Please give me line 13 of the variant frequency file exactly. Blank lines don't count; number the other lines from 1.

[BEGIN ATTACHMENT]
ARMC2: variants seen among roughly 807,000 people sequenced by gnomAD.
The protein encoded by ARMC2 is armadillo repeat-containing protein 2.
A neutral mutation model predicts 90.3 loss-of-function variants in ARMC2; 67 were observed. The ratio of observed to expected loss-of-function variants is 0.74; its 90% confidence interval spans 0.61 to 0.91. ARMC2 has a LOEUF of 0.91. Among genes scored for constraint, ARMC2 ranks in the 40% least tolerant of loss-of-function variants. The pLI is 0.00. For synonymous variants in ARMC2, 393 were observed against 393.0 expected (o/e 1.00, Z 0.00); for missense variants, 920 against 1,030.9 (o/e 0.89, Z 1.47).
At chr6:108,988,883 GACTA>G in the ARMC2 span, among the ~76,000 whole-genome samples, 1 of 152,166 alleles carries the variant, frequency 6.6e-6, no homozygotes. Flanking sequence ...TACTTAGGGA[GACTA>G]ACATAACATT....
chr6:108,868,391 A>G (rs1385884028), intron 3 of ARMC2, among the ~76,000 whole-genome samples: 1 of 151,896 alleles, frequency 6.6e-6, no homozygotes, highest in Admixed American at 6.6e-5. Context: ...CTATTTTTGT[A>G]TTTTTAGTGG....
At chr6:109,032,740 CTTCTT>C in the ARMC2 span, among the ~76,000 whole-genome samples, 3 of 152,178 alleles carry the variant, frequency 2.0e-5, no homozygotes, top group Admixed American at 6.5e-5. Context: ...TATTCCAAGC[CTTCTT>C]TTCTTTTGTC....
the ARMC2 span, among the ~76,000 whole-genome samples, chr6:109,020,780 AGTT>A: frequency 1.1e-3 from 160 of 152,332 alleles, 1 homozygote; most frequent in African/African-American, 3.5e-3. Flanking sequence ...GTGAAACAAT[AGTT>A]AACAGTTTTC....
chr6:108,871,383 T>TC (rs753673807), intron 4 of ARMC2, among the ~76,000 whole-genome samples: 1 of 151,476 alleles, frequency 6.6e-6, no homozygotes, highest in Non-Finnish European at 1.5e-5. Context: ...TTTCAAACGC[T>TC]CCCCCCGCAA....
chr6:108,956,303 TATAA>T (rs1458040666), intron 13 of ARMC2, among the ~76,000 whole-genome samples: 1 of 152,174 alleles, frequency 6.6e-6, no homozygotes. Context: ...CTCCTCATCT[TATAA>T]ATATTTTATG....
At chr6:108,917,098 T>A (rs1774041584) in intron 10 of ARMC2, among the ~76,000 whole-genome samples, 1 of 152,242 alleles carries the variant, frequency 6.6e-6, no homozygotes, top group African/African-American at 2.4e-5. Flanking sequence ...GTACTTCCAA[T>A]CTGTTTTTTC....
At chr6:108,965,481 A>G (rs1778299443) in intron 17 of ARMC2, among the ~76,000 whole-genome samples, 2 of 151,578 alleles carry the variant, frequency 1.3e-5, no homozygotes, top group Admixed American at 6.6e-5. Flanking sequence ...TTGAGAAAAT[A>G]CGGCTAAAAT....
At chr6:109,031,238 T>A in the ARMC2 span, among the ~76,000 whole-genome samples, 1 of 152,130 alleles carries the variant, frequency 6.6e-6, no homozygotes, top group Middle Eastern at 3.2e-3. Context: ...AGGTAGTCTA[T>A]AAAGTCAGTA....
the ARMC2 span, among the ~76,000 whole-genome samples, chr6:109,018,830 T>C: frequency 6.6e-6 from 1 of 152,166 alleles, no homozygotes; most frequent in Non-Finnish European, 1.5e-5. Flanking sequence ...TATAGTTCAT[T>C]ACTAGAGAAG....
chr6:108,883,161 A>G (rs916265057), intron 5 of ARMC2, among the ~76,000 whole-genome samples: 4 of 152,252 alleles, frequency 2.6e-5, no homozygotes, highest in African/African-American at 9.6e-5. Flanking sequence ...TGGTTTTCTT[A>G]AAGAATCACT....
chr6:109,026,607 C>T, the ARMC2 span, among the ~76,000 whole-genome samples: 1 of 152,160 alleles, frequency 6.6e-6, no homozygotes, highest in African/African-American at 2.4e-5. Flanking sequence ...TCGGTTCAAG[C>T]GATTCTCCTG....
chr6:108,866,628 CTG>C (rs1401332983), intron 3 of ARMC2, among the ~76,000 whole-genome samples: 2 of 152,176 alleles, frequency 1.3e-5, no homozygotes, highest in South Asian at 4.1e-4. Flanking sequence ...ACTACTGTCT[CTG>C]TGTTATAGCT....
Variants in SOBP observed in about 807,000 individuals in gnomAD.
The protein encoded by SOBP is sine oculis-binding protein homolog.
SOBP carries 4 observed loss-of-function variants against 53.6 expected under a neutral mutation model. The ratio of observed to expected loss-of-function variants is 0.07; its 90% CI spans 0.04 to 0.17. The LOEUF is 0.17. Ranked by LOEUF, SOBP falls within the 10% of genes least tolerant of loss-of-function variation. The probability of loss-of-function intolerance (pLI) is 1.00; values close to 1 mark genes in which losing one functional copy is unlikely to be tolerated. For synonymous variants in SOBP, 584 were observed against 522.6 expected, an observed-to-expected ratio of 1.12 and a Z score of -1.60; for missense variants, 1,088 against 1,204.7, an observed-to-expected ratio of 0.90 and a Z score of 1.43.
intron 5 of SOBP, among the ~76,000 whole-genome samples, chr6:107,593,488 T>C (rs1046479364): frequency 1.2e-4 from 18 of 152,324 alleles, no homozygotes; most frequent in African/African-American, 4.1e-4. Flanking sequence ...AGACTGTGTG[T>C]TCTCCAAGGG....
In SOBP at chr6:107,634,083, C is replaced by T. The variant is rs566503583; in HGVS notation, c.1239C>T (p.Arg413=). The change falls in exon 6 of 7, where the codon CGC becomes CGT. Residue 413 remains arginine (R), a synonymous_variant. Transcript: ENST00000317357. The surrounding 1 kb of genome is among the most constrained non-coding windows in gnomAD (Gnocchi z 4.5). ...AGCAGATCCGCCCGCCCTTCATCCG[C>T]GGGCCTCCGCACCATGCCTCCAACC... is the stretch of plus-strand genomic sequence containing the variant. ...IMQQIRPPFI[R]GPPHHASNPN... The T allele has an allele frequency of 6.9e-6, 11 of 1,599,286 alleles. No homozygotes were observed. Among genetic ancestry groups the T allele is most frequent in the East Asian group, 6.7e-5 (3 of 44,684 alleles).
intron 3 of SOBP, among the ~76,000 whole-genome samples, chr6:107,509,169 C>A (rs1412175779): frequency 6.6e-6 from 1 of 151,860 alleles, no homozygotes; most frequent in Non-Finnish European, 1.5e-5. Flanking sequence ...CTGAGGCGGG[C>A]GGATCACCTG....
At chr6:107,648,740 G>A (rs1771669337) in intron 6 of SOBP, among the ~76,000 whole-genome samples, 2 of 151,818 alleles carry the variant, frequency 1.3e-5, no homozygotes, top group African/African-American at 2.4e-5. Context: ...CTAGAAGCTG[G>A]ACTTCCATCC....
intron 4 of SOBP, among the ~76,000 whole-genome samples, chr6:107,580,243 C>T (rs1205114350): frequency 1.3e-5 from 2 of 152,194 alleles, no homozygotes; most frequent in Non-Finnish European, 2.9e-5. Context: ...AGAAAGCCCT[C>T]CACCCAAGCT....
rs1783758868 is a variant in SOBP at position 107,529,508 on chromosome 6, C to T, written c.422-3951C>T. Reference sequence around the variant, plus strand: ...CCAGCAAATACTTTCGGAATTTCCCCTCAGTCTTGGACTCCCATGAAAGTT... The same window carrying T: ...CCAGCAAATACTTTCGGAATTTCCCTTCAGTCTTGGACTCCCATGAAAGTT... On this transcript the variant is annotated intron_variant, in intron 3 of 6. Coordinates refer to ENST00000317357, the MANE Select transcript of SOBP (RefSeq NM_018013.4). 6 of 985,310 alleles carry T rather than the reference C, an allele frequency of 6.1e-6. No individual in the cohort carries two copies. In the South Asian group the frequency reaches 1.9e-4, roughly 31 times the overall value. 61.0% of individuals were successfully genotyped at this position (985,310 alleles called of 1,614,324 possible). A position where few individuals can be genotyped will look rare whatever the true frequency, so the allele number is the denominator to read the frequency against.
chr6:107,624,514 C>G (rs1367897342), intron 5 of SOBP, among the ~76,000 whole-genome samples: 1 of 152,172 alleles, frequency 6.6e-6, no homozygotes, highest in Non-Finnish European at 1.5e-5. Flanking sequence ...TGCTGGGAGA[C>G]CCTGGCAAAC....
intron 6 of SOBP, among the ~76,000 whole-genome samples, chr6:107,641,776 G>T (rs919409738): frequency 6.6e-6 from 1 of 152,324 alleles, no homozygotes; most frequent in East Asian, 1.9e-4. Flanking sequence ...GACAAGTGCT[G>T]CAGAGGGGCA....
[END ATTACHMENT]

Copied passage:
the ARMC2 span, among the ~76,000 whole-genome samples, chr6:109,018,830 T>C: frequency 6.6e-6 from 1 of 152,166 alleles, no homozygotes; most frequent in Non-Finnish European, 1.5e-5. Flanking sequence ...TATAGTTCAT[T>C]ACTAGAGAAG....